“… By 1987, he had incorporated his own news service…It became the context for his decision in early December 1990 to launch the News-Press. He would pull it off by charming volunteer labor and combining it with his own seven-days-a-week style. Another secret to Benton’s success: he is “frugal.” There were no desks in the office, just boards and folding chairs. “Editor in Chief Nick Benton is too modest to blow his own horn,” wrote reader Robert O. Beach in a letter published in March 1998. “But he deserves tremendous credit for the vital contribution the News-Press makes to our community.”

“Environmental consultant and history activist Dave Eckert goes further. “The News-Press became the focal point of Falls Church,” he said in 2022. “Nick Benton wanted to do good journalism, get readers and advertisements, but in many ways the paper brought the city together. And in many ways it drove it apart.”

“… ‘We worked all night on that first issue,’ Benton recalled, ‘and as the deadline approached, as dawn began to break on March 27, we looked out our second-story windows to see that the cherry blossom trees on North Virginia Avenue had blossomed overnight. That was our sign to press ahead.’

“After the proverbial all-nighter, his team of three drove to Gaithersburg, Md., to the Comprint Co. plant to witness the maiden print run. ‘When the press bell rang and everything started to move, it was a very special moment,’ Benton remembered. ‘As the papers started chugging onto a conveyor belt, I couldn’t help but stand on a box and loudly exclaim, ‘Let every tyrant tremble!’ The noise of the press drowned me out so that only a couple of pressmen gave me funny looks.’

“Back in Falls Church, young O’Brien had walked the streets crowing, ‘Have you heard the news? Come March 28, Falls Church is going to have its own newspaper!’”

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‘Seek’ shows how one tiny action can open big doors

New book could ‘transform your life and change the world’

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(Book cover image courtesy of Balance)

‘Seek: How Curiosity Can Transform Your Life and Change the World’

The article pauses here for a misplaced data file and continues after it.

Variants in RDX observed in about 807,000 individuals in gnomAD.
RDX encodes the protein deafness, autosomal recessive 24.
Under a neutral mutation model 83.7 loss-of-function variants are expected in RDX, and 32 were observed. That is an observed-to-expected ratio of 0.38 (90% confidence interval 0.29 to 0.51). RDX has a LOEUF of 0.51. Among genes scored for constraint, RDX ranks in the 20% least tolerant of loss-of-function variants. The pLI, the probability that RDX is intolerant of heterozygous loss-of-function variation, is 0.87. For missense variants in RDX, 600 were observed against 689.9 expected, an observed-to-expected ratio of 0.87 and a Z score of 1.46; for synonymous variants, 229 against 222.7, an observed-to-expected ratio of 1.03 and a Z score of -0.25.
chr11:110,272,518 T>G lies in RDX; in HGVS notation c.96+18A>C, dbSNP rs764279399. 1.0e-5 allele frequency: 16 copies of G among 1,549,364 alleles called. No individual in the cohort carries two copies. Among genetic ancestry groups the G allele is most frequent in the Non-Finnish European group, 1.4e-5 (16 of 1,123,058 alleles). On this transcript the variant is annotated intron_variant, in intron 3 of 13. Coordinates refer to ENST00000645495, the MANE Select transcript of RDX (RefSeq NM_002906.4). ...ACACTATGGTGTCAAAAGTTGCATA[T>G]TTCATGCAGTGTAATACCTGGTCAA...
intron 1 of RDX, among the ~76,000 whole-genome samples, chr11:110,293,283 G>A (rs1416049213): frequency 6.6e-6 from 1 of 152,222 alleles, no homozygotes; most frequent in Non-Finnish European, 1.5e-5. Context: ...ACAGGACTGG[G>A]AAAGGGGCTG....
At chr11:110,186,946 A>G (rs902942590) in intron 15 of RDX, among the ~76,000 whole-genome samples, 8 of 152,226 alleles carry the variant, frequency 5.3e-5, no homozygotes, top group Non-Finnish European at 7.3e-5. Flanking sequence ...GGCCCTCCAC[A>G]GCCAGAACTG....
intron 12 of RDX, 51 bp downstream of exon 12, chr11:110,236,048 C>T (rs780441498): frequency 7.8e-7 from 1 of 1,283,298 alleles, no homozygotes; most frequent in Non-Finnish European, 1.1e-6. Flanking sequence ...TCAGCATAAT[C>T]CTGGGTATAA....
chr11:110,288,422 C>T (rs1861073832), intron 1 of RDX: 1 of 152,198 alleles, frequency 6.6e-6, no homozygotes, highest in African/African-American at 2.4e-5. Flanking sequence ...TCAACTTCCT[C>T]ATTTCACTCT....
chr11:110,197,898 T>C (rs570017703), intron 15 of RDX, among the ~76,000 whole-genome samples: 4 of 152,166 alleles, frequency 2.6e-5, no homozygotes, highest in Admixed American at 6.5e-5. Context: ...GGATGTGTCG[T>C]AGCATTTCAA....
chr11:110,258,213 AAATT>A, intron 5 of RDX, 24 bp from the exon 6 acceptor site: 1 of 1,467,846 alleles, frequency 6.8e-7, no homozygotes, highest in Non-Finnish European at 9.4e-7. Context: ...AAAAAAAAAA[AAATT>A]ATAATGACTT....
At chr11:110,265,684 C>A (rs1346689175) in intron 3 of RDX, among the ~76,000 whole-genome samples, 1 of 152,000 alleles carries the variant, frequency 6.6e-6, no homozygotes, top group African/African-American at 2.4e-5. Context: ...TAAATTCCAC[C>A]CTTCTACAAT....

By Scott Shigeoka
c.2023, Balance 
$30/243 pages

Curiosity killed the cat.

That’s what Grandma said when you were a nosy little kid but hey, you needed to learn about your world. Asking questions, that’s what kids do – and so do savvy grown-ups. Curiosity may have plagued Grandma’s cat but as you’ll see in “Seek” by Scott Shigeoka, a lack of it could do you harm.

His friends worried about him.

When Scott Shigeoka quit his job to travel around America for a year, they figured he’d be the target of all kinds of bad things. As a queer Asian-American man, Shigeoka wasn’t searching for himself, and he surely wasn’t looking for trouble. No, he was looking for strangers, to see what we have in common with one another.

“I wanted to feel less scared and angry all the time,” he says.

Shigeoka’s interpretation of studies is that our general lack of curiosity about one another “is literally killing us.” With that in mind, he left his home and his job and headed out to small towns in the South, a reservation in Minnesota, a Trump rally, and a retreat center with nuns and millennials. He squashed his inner negativity, bravely swallowed his reluctance, approached people, and cultivated his curiosity by speaking with religious leaders, zealots, and everyday folks. In doing so, he learned to D.I.V.E. into his outward curiosity.

Detach, he says, and let go of “the ABCs”: assumptions, biases, and certainty. Even if you think you’re against racism, homophobia, or any other intolerance, you “still have unconscious biases that need to be… interrupted and challenged.” Learn to act with Intent. Know what questions to ask so that you can best learn about others and their thoughts. Show someone their Value by remembering that their political leaning, for instance, “is only one piece of a person’s life and personality.” And finally, learn to Embrace what’s in front of you. This will “open the doors” to “more fulfillment and happiness to your life.”

Does it sometimes seem as though today’s world is filled with awkward moments? Like you want to communicate with people you meet, but the rules have changed? Or maybe you have and if that’s the case, then author Scott Shigeoka has a fix. In “Seek,” he shows how one tiny action can open great big doors.